Types of Prezygotic Isolation Mechanisms

The Blue-Footed Booby's elaborate mating dance. James Hobbs/Getty Images

In order for different species to diverge from common ancestors and drive evolution, reproductive isolation must occur. There are several types of reproductive isolation that lead to speciation. One major type is called prezygotic isolation and it happens before fertilization occurs between gametes. Basically, prezygotic isolation keeps different species from sexually reproducing. If individuals cannot reproduce, they are considered to be different species and diverge on the tree of life.

There are several types of prezygotic isolation that range from incompatibility of gametes, to behaviors that result in incompatibility, and even a type of isolation that keeps individuals from physically being able to breed.

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Mechanical Isolation

wasp on a red flower
Wasp and red flower. (Getty/Christian Wilt)

Mechanical isolation is probably the simplest concept that keeps individuals from being able to reproduce offspring with each other. Simply put, mechanical isolation is the incompatibility of sexual organs. They just do not fit together. It may be the shape of the reproductive organs not being compatible, or size differences that prohibit the individuals from coming together.

In plants, mechanical isolation is a bit different. Since size and shape are irrelevant to reproduction in plants, mechanical isolation is usually due to the use of a different pollinator for the plants. For instance, a plant that is structured so a bee can pollinate it will not be compatible with a flower that relies on hummingbirds to spread its pollen. This is still a result of differing shapes, but not the shape of the actual gametes. Instead, it's the incompatibility of the shape of the flower and the pollinator.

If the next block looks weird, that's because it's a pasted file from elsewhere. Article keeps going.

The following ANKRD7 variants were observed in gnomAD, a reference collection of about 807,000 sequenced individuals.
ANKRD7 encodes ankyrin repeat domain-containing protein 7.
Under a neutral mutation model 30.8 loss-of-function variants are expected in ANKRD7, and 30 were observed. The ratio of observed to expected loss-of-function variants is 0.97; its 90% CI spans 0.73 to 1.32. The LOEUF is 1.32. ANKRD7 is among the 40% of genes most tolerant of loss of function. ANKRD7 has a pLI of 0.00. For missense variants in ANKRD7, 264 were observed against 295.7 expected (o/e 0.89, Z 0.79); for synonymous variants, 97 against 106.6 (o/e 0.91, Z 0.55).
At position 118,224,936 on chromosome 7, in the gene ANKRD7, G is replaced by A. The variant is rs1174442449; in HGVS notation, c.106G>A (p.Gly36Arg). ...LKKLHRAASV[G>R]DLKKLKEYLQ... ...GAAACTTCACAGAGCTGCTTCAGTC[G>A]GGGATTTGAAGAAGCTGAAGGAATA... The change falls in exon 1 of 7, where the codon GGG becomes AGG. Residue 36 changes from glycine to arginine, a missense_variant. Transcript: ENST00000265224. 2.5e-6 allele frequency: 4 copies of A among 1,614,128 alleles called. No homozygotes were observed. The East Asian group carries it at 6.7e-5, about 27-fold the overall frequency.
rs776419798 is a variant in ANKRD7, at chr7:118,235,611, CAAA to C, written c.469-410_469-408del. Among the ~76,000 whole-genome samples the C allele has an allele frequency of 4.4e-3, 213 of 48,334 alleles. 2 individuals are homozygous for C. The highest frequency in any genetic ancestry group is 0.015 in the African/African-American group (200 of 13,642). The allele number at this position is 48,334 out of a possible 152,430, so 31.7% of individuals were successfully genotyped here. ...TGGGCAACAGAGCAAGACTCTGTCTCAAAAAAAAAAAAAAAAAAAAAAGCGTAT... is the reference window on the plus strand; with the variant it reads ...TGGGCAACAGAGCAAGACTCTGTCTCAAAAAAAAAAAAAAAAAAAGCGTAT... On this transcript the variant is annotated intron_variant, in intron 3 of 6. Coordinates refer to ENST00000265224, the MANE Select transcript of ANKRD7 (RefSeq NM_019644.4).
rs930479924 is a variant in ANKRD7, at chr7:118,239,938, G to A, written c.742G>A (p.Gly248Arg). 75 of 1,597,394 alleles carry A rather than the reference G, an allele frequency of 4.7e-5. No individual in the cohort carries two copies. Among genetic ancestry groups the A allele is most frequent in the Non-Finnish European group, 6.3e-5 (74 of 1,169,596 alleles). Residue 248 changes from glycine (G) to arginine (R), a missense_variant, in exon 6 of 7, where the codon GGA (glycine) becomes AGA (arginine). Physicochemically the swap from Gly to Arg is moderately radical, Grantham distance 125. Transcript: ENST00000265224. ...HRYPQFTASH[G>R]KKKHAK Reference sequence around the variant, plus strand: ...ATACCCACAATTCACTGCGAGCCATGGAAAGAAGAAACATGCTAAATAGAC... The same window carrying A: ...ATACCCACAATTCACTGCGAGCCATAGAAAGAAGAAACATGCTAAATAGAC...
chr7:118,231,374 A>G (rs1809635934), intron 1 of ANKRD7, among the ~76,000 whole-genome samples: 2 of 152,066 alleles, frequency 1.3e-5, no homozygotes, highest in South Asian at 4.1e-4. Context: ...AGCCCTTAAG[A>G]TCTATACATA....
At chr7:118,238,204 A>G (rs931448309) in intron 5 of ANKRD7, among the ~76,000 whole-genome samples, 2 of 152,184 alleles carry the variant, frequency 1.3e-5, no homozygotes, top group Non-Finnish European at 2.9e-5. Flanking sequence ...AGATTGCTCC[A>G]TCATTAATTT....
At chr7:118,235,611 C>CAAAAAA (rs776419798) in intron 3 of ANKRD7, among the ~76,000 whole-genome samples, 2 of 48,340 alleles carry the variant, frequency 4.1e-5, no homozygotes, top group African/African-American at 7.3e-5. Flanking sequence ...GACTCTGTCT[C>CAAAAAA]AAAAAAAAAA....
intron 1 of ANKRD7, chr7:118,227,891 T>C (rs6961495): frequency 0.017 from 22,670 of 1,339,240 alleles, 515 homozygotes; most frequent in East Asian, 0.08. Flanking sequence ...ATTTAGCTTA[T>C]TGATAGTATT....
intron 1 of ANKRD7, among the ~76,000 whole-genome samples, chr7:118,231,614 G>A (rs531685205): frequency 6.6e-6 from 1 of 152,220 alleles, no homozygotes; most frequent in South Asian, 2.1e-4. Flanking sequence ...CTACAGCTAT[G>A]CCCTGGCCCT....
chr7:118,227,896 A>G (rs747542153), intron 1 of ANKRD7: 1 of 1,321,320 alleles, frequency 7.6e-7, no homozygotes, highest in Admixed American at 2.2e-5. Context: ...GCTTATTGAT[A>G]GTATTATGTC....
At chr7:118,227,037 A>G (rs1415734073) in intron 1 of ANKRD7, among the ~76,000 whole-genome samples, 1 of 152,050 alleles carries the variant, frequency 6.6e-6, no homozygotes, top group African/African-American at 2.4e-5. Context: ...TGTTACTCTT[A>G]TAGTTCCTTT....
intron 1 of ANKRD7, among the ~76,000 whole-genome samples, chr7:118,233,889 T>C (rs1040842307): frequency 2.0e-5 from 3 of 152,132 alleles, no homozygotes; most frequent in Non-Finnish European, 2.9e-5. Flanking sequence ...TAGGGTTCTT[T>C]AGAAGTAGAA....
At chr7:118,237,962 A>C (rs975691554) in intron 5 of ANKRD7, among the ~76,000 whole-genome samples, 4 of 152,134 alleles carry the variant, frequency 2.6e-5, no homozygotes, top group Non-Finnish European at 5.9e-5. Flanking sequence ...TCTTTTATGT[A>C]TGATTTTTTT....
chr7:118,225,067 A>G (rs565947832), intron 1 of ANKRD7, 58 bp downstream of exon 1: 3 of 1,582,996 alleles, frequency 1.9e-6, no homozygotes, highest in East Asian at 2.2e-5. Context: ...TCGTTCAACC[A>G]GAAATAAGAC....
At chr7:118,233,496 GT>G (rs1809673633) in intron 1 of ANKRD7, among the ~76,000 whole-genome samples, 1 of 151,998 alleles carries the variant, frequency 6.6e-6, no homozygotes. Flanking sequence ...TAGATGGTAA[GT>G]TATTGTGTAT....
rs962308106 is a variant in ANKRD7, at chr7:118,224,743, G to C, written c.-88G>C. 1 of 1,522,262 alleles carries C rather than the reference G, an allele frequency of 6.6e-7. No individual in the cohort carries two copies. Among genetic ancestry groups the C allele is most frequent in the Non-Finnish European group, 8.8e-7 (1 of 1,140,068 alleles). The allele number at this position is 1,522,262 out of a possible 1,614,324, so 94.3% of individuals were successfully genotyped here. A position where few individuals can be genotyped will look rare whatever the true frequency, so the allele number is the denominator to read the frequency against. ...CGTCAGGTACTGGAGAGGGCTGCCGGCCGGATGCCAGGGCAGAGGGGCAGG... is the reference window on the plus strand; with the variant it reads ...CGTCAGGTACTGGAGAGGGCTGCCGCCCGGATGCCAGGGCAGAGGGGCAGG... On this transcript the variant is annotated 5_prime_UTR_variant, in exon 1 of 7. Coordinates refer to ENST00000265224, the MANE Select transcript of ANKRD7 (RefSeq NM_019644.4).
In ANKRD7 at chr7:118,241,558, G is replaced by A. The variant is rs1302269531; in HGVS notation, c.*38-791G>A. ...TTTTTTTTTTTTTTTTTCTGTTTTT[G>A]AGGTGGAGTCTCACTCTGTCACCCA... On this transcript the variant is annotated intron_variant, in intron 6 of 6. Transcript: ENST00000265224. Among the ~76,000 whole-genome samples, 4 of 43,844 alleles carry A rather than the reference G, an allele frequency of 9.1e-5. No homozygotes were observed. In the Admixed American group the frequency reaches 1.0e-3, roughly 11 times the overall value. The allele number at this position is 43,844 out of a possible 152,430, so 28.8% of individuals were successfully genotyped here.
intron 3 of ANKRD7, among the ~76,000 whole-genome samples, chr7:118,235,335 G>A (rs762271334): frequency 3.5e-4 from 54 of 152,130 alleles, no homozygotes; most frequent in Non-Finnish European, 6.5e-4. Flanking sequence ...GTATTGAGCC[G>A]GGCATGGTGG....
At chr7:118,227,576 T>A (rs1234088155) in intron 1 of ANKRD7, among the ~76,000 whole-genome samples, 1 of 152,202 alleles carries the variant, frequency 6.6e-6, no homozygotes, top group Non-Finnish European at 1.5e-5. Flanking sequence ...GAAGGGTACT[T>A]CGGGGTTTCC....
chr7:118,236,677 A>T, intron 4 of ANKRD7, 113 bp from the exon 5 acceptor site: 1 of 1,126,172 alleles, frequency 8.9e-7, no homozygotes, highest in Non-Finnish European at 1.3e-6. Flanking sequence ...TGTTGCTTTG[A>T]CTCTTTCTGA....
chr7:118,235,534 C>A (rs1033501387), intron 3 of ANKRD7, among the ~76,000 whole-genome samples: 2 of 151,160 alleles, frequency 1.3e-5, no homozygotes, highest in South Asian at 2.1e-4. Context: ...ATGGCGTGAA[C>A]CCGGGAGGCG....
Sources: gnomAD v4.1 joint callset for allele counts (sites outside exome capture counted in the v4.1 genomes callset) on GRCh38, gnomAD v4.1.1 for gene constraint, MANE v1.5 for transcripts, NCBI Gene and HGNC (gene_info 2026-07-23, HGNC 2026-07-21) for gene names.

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Temporal Isolation

bull moose courting cow moose
Shiras bull moose Alces alces shirasi courting cow moose, Grand Teton National Park, Wyoming. (Getty/Danita Delimont)

Different species tend to have different breeding seasons. The timing of when females are fertile leads to temporal isolation. Similar species may be physically compatible, but may still not reproduce due to mating seasons being different times of the year. If the females of one species are fertile during a given month, but the males are not able to reproduce at that time of the year, then there will be reproductive isolation between the two species.

Sometimes, mating seasons of very similar species will overlap somewhat. This is especially true if the species live in different areas where there is no chance for hybridization. However, it has been shown that similar species that live in the same area will not have an overlapping mating time even if they do when they are in different environments. Most likely, this is an adaptation caused by reducing competition for resources and mates.

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Behavioral Isolation

blue-footed booby mating dance
Blue-footed booby mating dance. (Getty/Jessie Reeder)

Another type of prezygotic isolation between species has to do with the behaviors of the individuals, and, in particular, the behaviors around mating time. Even if two populations of different species are both mechanically compatible and temporally compatible, their actual mating ritual behavior could be enough to keep the species in reproductive isolation from each other.